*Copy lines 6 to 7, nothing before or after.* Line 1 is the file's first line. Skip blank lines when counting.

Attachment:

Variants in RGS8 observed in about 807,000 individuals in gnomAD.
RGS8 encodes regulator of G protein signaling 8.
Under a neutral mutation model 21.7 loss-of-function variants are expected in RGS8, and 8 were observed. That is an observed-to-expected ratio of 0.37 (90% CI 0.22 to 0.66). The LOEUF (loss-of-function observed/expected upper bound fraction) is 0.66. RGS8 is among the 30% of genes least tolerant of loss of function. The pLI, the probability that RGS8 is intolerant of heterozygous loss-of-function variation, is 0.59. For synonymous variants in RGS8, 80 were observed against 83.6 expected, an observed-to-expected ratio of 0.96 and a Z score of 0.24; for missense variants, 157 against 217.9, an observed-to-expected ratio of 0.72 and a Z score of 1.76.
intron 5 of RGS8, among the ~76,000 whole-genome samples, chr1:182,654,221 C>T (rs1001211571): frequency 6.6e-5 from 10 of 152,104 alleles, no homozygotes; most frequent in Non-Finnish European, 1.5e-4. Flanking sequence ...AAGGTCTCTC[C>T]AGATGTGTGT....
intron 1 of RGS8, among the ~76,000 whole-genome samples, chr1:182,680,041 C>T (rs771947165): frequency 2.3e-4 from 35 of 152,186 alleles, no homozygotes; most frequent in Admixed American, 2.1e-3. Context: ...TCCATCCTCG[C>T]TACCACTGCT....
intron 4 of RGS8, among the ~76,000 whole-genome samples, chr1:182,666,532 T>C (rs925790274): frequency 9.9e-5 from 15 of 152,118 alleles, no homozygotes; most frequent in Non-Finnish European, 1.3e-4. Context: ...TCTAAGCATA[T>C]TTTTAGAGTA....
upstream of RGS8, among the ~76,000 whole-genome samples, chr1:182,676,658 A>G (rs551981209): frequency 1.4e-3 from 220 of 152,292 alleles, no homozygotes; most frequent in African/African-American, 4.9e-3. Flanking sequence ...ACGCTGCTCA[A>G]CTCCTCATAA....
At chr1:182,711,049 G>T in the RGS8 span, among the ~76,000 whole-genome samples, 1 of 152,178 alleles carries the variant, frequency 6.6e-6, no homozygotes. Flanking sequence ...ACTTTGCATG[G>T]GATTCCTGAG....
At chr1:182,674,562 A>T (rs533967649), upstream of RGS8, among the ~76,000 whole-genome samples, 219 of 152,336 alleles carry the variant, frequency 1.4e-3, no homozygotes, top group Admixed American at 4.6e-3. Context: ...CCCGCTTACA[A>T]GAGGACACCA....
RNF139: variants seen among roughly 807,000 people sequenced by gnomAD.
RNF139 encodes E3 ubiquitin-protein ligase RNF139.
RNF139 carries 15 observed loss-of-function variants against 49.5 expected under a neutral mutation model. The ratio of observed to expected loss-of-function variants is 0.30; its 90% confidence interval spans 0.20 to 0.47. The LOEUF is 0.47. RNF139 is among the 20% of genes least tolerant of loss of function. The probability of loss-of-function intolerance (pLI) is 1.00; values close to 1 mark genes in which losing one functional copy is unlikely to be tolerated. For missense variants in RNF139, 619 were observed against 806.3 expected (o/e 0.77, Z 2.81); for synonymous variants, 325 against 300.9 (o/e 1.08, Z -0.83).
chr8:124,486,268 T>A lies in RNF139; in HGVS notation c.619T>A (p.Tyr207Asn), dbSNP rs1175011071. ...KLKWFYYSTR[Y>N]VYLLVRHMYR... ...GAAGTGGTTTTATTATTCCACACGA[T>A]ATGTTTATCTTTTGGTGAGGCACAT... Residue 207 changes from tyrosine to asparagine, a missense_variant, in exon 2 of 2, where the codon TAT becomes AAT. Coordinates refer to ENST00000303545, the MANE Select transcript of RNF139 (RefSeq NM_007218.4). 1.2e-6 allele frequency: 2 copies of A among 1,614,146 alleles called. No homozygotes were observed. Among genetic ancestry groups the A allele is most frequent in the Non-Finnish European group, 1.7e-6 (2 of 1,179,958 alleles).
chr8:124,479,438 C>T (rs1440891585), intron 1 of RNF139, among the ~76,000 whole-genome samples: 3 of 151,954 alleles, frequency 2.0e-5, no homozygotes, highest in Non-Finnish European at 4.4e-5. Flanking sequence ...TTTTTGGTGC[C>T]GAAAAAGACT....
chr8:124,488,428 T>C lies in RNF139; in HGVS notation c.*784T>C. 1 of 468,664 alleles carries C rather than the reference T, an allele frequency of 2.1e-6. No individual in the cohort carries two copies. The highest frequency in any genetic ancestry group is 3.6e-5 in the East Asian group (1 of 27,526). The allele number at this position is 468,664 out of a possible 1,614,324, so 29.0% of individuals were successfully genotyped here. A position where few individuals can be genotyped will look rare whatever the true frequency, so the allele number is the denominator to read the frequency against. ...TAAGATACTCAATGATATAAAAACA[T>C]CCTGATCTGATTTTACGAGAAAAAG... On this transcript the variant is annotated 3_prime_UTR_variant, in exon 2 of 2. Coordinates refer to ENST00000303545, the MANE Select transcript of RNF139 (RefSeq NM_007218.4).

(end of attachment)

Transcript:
intron 4 of RGS8, among the ~76,000 whole-genome samples, chr1:182,666,532 T>C (rs925790274): frequency 9.9e-5 from 15 of 152,118 alleles, no homozygotes; most frequent in Non-Finnish European, 1.3e-4. Context: ...TCTAAGCATA[T>C]TTTTAGAGTA....
upstream of RGS8, among the ~76,000 whole-genome samples, chr1:182,676,658 A>G (rs551981209): frequency 1.4e-3 from 220 of 152,292 alleles, no homozygotes; most frequent in African/African-American, 4.9e-3. Flanking sequence ...ACGCTGCTCA[A>G]CTCCTCATAA....